Ella Cara Deloria or Anpetu Wastéwin (Beautiful Day Woman)
Ella Deloria was born January 31, 1889 on the Yankton Sioux Reservation and raised on the Pine Ridge Reservation in South Dakota. Although her father was a Dakota Episcopal priest and she received a Euro-American education, she also spoke both Dakota and Lakota dialects fluently and learned traditional ways.
Deloria went on to graduate from Columbia Teacher's College in 1915, but not before meeting Franz Boas, the "father of American anthropology." It was the beginning of a 15-year-long collaboration during which time she helped him research the linguistics of Native American languages, translate the recorded Indigenous languages in 19th century texts, and provide valuable insights into the nuances of her culture.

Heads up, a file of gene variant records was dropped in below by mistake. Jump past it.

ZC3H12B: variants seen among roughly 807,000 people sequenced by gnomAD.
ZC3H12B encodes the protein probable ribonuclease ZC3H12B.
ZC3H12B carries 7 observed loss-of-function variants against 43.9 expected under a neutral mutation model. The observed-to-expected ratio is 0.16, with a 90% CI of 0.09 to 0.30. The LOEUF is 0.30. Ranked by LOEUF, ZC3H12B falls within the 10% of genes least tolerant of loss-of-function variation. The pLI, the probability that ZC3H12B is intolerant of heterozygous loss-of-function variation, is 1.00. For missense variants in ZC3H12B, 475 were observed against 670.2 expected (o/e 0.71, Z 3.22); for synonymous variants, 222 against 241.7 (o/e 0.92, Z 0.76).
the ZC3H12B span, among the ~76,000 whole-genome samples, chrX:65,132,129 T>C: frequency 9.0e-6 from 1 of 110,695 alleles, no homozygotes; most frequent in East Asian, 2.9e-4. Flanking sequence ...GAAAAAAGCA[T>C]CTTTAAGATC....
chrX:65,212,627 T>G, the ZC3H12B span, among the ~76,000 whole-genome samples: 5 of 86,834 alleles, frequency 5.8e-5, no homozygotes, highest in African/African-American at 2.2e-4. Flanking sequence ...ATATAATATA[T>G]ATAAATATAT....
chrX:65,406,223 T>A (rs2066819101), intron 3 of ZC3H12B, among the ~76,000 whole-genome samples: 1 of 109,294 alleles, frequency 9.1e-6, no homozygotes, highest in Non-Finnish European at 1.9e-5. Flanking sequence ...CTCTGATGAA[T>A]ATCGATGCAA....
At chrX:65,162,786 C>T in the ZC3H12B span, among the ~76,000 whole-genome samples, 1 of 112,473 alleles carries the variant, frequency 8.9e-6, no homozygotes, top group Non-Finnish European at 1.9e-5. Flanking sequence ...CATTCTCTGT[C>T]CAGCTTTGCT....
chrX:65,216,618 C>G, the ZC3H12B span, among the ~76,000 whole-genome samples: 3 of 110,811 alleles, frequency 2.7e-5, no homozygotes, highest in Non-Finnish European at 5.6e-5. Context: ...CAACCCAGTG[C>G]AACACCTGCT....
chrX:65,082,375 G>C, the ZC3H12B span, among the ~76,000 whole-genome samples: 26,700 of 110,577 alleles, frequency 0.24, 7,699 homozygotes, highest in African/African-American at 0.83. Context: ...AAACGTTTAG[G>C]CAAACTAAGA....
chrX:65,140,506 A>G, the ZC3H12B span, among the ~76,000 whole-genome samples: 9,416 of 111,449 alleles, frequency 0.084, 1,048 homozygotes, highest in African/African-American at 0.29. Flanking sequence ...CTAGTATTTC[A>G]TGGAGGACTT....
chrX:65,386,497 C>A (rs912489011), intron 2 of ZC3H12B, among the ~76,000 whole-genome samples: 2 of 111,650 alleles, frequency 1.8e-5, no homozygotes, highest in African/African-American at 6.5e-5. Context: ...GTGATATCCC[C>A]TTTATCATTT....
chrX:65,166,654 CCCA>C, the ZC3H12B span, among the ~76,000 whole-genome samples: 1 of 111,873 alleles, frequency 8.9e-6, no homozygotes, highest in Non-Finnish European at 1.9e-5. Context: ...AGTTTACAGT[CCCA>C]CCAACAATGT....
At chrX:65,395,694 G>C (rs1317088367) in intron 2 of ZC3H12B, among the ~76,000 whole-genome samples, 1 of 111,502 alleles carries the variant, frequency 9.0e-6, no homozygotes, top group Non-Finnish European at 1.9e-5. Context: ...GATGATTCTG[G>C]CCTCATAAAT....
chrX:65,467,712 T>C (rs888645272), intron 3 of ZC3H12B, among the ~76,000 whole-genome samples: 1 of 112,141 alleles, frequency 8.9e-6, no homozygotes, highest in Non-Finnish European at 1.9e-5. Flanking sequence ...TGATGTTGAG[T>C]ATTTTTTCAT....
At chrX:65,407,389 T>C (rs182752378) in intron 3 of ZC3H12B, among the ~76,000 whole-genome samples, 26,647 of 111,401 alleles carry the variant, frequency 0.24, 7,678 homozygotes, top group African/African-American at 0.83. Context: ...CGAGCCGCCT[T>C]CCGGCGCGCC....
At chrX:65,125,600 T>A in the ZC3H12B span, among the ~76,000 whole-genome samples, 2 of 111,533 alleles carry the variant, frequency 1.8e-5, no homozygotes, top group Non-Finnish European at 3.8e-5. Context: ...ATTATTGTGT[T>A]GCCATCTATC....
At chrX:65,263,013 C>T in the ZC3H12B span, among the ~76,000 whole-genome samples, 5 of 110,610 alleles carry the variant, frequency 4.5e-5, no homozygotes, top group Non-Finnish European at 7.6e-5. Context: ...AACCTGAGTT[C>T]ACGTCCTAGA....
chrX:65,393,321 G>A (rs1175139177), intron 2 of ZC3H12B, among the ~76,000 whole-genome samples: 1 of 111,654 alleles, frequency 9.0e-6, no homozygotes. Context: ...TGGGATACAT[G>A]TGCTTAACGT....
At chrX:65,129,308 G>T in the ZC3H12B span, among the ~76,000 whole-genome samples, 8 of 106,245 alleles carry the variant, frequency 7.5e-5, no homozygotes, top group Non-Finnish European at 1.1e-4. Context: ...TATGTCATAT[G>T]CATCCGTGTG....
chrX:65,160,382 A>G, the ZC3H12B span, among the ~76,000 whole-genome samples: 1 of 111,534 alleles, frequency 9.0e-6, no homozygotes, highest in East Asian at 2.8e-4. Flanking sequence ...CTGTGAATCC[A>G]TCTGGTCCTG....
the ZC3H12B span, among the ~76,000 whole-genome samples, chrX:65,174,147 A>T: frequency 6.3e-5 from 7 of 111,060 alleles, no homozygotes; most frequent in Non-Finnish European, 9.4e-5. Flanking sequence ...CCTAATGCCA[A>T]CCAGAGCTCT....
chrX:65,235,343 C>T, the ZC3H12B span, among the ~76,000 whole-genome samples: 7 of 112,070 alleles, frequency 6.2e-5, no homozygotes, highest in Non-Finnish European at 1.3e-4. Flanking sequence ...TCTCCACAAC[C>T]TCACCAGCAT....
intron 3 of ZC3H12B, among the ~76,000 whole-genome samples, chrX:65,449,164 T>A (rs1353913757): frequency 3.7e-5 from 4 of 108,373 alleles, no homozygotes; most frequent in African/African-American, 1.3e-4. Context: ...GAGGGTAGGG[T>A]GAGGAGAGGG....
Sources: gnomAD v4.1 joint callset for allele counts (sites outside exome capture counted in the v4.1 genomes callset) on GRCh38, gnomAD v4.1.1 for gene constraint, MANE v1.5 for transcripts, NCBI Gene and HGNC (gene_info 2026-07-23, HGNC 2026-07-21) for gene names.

Deloria did plenty her own research as well, interviewing tribal elders, writing Dakota grammar books, translating ceremonial texts, writing the novel 'Waterlily,' and conducting studies for the Bureau of Indian Affairs in regards to the Lumbee of Robeson county and socioeconomic challenges on the Navajo Reservation.
During the 1960's, Deloria continued to write while teaching at the University of South Dakota. She passed away on February 12, 1971 while in the process of creating a Lakota Dictionary. As she wrote in her novel Waterlily, "...a woman with a plan is persistent," and Deloria certainly proved to be just that. She preserved an enormous amount of invaluable linguistic and cultural information in service to her people that still serves as a foundation for researchers today.
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